Whether you’ve been waiting to fix your current installations of Windows 2000 or waiting for the first service pack to begin Windows 2000 deployment, your wait is over. Microsoft recently released Service Pack 1 for Windows 2000 Professional, Server, and Advanced Server. Here’s the scoop on the first maintenance release for Windows 2000.

How to get the service pack
You have three options for obtaining SP1. You can order the CD from Microsoft’s Web site or by calling Microsoft at (800) 851-1644. The Web site offers additional options for ordering, including fax and mail. The CD costs $19.95, including shipping. In addition to the service pack installation and documentation files, the SP1 CD contains a few resources not available through download that make a CD purchase worthwhile:

  • Terminal Services Advanced Client (TSAC): This set of Web components and management tools enables Terminal Services sessions to run within Internet Explorer. TSAC is an upgrade to the Terminal Services client and does not install as part of the SP installation. Instead, you need to install it separately. The package includes three components. The Terminal Services ActiveX Client Control and sample pages provide the same functionality as the Terminal Services client but enable Terminal Services to function across the Web. The second component in the package is the Terminal Services Connections MMC console, an MMC snap-in that enables you to host multiple Terminal Services connections in a single console, simplifying management of multiple servers. The third item in the package is the Terminal Services Full Client Microsoft Installer, which provides a simplified means of deploying the Terminal Services Full Client to Windows 2000 Professional workstations.
  • Service Pack Debug SyMBols: Debug SyMBols allow you to capture information during application and system crashes for troubleshooting purposes. You should install Debug SyMBols only if you’re experiencing a problem and need to capture this data. You’ll find additional information about Debug SyMBols in the \Support\Debug\DBG.htm document on the CD.
  • Updated Windows 2000 deployment tools: The CD includes an updated set of tools that will help you deploy Windows 2000 in the enterprise.
  • A revised version of Microsoft Windows 2000 Guide to Unattended Setup: This document explains how to use Setup in unattended mode to automate Windows 2000 installation for wide-scale deployment. Unattended Setup can also be useful in situations where you need to quickly duplicate a Windows 2000 installation (such as on a machine you use for beta testing).

The Web site also offers two options for downloading the service pack. The Express Installation option installs the service pack to your computer, using the system’s current configuration to determine which service pack components to install. This option is aimed mainly at end users who want a targeted installation and need to reduce download time. The second option is Network Download; this option downloads the service pack compressed archive, which contains all components. You can then use the archive to perform network installations on multiple computers, burn your own CDs, or simply store the file for later reinstallation if it becomes necessary.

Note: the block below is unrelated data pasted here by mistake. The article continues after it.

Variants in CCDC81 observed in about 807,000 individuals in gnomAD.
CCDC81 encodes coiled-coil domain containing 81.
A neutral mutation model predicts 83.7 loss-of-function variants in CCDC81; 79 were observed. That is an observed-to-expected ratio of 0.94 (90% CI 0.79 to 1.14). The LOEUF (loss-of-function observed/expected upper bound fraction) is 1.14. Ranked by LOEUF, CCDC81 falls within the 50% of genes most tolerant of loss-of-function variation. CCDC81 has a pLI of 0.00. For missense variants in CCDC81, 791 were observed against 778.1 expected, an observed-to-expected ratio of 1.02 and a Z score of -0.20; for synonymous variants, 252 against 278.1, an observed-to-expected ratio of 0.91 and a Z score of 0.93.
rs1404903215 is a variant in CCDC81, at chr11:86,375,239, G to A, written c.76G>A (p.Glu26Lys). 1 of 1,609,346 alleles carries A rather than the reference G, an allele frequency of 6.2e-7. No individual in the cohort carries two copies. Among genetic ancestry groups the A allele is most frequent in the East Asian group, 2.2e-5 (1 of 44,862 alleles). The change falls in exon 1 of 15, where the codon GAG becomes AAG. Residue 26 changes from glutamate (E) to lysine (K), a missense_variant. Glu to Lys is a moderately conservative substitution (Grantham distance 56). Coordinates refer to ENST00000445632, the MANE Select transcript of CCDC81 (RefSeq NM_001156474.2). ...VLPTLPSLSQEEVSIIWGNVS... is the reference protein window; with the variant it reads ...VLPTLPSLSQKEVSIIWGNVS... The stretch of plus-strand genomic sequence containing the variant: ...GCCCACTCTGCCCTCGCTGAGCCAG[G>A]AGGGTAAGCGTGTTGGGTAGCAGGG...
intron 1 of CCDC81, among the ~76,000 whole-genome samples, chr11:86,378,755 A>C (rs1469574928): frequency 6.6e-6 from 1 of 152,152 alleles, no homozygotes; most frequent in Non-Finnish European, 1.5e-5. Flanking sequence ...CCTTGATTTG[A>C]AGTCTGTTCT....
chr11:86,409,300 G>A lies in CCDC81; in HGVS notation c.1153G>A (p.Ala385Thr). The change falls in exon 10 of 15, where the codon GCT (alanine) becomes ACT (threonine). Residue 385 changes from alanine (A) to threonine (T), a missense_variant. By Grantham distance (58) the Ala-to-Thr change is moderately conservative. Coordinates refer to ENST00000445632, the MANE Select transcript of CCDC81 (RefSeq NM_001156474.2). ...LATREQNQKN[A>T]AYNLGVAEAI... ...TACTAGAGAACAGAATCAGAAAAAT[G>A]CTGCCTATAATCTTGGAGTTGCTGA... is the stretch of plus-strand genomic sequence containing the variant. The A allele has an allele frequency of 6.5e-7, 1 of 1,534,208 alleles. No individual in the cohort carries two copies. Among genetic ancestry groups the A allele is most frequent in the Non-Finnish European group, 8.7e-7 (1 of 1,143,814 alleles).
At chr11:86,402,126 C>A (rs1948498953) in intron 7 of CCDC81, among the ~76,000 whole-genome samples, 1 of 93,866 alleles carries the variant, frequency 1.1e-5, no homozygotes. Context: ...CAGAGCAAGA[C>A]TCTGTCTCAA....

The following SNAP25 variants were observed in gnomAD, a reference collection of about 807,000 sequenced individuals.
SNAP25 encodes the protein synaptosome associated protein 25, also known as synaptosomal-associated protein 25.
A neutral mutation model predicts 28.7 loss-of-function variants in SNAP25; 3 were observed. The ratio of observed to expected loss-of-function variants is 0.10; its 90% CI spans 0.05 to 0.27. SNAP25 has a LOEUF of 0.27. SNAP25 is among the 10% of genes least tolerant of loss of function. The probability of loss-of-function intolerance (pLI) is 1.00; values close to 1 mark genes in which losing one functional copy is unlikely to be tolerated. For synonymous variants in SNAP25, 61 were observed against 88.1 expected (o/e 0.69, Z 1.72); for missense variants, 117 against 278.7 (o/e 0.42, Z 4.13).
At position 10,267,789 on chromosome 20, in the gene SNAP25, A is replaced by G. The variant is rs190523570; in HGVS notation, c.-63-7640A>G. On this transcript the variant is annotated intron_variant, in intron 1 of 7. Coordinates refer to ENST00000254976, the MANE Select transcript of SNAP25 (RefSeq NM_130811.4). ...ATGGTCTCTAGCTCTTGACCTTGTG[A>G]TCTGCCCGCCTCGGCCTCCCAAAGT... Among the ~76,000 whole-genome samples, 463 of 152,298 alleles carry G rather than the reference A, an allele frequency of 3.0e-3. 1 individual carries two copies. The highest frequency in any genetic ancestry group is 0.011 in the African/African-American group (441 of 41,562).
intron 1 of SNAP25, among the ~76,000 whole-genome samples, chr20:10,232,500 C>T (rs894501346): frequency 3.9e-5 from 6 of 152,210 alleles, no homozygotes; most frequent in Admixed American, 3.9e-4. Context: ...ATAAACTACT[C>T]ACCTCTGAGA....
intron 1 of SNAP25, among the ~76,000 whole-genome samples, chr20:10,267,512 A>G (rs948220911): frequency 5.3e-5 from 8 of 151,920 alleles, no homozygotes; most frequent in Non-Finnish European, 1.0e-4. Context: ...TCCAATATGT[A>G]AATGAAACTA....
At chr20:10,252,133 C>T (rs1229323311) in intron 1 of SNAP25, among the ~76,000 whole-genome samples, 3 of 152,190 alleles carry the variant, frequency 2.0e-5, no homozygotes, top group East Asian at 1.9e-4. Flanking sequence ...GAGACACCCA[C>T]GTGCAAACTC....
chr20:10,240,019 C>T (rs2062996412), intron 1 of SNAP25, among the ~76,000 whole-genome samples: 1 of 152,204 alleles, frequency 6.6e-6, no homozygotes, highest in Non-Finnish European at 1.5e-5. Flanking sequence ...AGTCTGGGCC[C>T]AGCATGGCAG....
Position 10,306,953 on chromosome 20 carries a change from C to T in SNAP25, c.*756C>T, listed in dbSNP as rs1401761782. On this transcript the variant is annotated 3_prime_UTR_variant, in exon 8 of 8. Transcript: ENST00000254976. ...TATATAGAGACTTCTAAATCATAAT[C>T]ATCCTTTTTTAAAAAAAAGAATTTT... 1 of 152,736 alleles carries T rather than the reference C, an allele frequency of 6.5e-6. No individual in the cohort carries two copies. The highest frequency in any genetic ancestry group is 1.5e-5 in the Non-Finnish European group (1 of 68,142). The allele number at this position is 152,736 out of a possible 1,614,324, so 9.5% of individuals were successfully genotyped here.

In general, you’ll want to download SP1 only if you have a fast, dedicated Internet connection. The Sp1network.exe file weighs in at over 83 MB, a long download for a dial-up connection. If you don’t have access to a fast connection, consider ordering the CD.

What does it fix?
Service Pack 1 addresses a broad range of bugs and quirks in Windows 2000. Some of these were addressed by updates available from the Microsoft Windows Update Web site, but the service pack addresses a much larger set of issues. For a complete list of issues addressed and links to Microsoft Knowledge Base articles on each fix, check out this article on the Microsoft site. Here’s a summary of the issued addressed by SP1:

  • Base OS: Over 60 base operating system issues from expanded hardware support to problems with remote storage. Interface problems are addressed along with more serious problems, such as memory leaks, stop messages, hung systems, security, and corrupted data. Some examples include added support for O2Micro CardBus Controllers OZ6912 and OZ6922, improved DirectX performance, DoS attack from Linux RPC clients, a stop error related to removing a USB hub, inability to back up registry or event logs on dynamic volumes, problems running Setup on systems with Compaq Smart Array Controllers, and a range of other problems both minor and major.